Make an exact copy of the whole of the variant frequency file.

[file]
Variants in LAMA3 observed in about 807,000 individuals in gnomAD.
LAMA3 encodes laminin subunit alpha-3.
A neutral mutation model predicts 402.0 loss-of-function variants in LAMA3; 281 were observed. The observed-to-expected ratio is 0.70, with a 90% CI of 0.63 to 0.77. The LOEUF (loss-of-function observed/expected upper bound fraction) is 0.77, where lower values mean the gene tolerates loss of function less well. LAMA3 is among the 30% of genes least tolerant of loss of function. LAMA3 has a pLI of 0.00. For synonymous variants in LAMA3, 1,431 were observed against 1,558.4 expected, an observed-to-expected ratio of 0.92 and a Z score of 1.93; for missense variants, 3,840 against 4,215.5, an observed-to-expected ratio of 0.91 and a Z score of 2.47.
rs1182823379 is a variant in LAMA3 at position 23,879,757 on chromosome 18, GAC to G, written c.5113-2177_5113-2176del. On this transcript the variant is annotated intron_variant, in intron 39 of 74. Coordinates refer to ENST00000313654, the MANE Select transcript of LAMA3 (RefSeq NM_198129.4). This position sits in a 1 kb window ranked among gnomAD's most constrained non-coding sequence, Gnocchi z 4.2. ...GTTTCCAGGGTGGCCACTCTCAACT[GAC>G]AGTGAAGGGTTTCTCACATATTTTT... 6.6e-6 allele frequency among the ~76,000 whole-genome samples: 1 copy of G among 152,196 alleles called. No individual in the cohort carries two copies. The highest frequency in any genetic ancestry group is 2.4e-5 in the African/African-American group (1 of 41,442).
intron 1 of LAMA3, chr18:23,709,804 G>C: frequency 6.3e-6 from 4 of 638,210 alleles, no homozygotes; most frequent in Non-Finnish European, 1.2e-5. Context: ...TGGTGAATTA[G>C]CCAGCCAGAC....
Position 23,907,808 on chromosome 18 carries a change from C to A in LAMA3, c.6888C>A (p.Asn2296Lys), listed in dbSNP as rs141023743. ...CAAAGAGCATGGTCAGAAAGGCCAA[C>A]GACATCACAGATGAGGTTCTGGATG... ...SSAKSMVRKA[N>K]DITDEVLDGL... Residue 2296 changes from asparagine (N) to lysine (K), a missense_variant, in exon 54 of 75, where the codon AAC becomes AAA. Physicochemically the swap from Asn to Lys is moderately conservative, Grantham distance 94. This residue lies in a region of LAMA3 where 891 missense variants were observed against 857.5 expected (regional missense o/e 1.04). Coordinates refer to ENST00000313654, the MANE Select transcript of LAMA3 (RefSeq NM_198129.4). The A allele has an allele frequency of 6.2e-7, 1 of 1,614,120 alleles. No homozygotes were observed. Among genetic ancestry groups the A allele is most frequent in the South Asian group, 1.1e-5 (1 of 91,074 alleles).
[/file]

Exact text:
Variants in LAMA3 observed in about 807,000 individuals in gnomAD.
LAMA3 encodes laminin subunit alpha-3.
A neutral mutation model predicts 402.0 loss-of-function variants in LAMA3; 281 were observed. The observed-to-expected ratio is 0.70, with a 90% CI of 0.63 to 0.77. The LOEUF (loss-of-function observed/expected upper bound fraction) is 0.77, where lower values mean the gene tolerates loss of function less well. LAMA3 is among the 30% of genes least tolerant of loss of function. LAMA3 has a pLI of 0.00. For synonymous variants in LAMA3, 1,431 were observed against 1,558.4 expected, an observed-to-expected ratio of 0.92 and a Z score of 1.93; for missense variants, 3,840 against 4,215.5, an observed-to-expected ratio of 0.91 and a Z score of 2.47.
rs1182823379 is a variant in LAMA3 at position 23,879,757 on chromosome 18, GAC to G, written c.5113-2177_5113-2176del. On this transcript the variant is annotated intron_variant, in intron 39 of 74. Coordinates refer to ENST00000313654, the MANE Select transcript of LAMA3 (RefSeq NM_198129.4). This position sits in a 1 kb window ranked among gnomAD's most constrained non-coding sequence, Gnocchi z 4.2. ...GTTTCCAGGGTGGCCACTCTCAACT[GAC>G]AGTGAAGGGTTTCTCACATATTTTT... 6.6e-6 allele frequency among the ~76,000 whole-genome samples: 1 copy of G among 152,196 alleles called. No individual in the cohort carries two copies. The highest frequency in any genetic ancestry group is 2.4e-5 in the African/African-American group (1 of 41,442).
intron 1 of LAMA3, chr18:23,709,804 G>C: frequency 6.3e-6 from 4 of 638,210 alleles, no homozygotes; most frequent in Non-Finnish European, 1.2e-5. Context: ...TGGTGAATTA[G>C]CCAGCCAGAC....
Position 23,907,808 on chromosome 18 carries a change from C to A in LAMA3, c.6888C>A (p.Asn2296Lys), listed in dbSNP as rs141023743. ...CAAAGAGCATGGTCAGAAAGGCCAA[C>A]GACATCACAGATGAGGTTCTGGATG... ...SSAKSMVRKA[N>K]DITDEVLDGL... Residue 2296 changes from asparagine (N) to lysine (K), a missense_variant, in exon 54 of 75, where the codon AAC becomes AAA. Physicochemically the swap from Asn to Lys is moderately conservative, Grantham distance 94. This residue lies in a region of LAMA3 where 891 missense variants were observed against 857.5 expected (regional missense o/e 1.04). Coordinates refer to ENST00000313654, the MANE Select transcript of LAMA3 (RefSeq NM_198129.4). The A allele has an allele frequency of 6.2e-7, 1 of 1,614,120 alleles. No homozygotes were observed. Among genetic ancestry groups the A allele is most frequent in the South Asian group, 1.1e-5 (1 of 91,074 alleles).